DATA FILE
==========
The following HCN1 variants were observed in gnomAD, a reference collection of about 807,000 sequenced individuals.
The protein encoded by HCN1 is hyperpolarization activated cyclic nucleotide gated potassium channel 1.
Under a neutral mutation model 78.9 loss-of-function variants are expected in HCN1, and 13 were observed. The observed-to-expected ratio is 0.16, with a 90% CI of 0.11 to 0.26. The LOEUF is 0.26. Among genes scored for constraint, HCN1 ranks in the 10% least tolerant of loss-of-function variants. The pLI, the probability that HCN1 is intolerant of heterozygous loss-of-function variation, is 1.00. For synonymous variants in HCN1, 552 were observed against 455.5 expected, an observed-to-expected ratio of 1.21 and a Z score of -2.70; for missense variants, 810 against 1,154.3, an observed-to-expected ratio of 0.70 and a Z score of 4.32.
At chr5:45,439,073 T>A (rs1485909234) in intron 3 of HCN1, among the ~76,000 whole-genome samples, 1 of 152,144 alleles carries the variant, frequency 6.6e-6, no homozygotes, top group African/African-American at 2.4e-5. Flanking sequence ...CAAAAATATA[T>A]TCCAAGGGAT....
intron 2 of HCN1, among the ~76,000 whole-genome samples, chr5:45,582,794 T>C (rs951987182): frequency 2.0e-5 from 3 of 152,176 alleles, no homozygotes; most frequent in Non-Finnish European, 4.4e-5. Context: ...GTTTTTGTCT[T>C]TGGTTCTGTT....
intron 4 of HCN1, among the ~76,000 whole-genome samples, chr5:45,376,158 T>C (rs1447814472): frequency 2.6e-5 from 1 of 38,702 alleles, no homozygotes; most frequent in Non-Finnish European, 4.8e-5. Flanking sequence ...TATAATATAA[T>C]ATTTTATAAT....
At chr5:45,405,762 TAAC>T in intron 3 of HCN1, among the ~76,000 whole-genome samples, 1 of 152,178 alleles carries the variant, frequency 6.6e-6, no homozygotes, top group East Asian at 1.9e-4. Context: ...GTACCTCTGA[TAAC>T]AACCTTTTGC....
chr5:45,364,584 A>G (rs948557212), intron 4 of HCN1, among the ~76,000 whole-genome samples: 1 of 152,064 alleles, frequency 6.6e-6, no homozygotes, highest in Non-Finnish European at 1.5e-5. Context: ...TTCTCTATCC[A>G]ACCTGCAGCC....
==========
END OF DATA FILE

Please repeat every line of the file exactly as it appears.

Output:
The following HCN1 variants were observed in gnomAD, a reference collection of about 807,000 sequenced individuals.
The protein encoded by HCN1 is hyperpolarization activated cyclic nucleotide gated potassium channel 1.
Under a neutral mutation model 78.9 loss-of-function variants are expected in HCN1, and 13 were observed. The observed-to-expected ratio is 0.16, with a 90% CI of 0.11 to 0.26. The LOEUF is 0.26. Among genes scored for constraint, HCN1 ranks in the 10% least tolerant of loss-of-function variants. The pLI, the probability that HCN1 is intolerant of heterozygous loss-of-function variation, is 1.00. For synonymous variants in HCN1, 552 were observed against 455.5 expected, an observed-to-expected ratio of 1.21 and a Z score of -2.70; for missense variants, 810 against 1,154.3, an observed-to-expected ratio of 0.70 and a Z score of 4.32.
At chr5:45,439,073 T>A (rs1485909234) in intron 3 of HCN1, among the ~76,000 whole-genome samples, 1 of 152,144 alleles carries the variant, frequency 6.6e-6, no homozygotes, top group African/African-American at 2.4e-5. Flanking sequence ...CAAAAATATA[T>A]TCCAAGGGAT....
intron 2 of HCN1, among the ~76,000 whole-genome samples, chr5:45,582,794 T>C (rs951987182): frequency 2.0e-5 from 3 of 152,176 alleles, no homozygotes; most frequent in Non-Finnish European, 4.4e-5. Context: ...GTTTTTGTCT[T>C]TGGTTCTGTT....
intron 4 of HCN1, among the ~76,000 whole-genome samples, chr5:45,376,158 T>C (rs1447814472): frequency 2.6e-5 from 1 of 38,702 alleles, no homozygotes; most frequent in Non-Finnish European, 4.8e-5. Flanking sequence ...TATAATATAA[T>C]ATTTTATAAT....
At chr5:45,405,762 TAAC>T in intron 3 of HCN1, among the ~76,000 whole-genome samples, 1 of 152,178 alleles carries the variant, frequency 6.6e-6, no homozygotes, top group East Asian at 1.9e-4. Context: ...GTACCTCTGA[TAAC>T]AACCTTTTGC....
chr5:45,364,584 A>G (rs948557212), intron 4 of HCN1, among the ~76,000 whole-genome samples: 1 of 152,064 alleles, frequency 6.6e-6, no homozygotes, highest in Non-Finnish European at 1.5e-5. Context: ...TTCTCTATCC[A>G]ACCTGCAGCC....